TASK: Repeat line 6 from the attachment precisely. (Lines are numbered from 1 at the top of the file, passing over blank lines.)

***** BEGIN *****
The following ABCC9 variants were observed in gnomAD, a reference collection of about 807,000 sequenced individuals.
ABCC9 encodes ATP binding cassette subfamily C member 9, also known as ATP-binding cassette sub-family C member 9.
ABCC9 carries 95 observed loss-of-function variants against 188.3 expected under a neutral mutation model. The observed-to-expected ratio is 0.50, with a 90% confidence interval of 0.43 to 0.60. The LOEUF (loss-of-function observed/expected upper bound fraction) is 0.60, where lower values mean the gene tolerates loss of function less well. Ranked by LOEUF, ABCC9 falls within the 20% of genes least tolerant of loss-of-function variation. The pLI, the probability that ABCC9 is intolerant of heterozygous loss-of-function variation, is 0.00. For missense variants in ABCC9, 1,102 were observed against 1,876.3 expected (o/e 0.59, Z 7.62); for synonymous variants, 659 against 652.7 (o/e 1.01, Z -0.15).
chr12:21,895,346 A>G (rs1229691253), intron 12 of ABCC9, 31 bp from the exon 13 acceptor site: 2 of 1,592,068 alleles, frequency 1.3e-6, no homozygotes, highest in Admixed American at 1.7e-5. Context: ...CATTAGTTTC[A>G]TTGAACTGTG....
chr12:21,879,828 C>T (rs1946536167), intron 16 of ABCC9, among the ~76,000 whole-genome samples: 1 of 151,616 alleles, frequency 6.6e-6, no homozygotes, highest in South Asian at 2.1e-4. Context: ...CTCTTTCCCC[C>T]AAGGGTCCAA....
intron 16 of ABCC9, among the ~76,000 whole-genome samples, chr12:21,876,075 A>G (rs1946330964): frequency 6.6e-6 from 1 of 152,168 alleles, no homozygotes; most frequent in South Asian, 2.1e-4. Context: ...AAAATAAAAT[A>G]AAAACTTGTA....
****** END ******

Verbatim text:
intron 16 of ABCC9, among the ~76,000 whole-genome samples, chr12:21,876,075 A>G (rs1946330964): frequency 6.6e-6 from 1 of 152,168 alleles, no homozygotes; most frequent in South Asian, 2.1e-4. Context: ...AAAATAAAAT[A>G]AAAACTTGTA....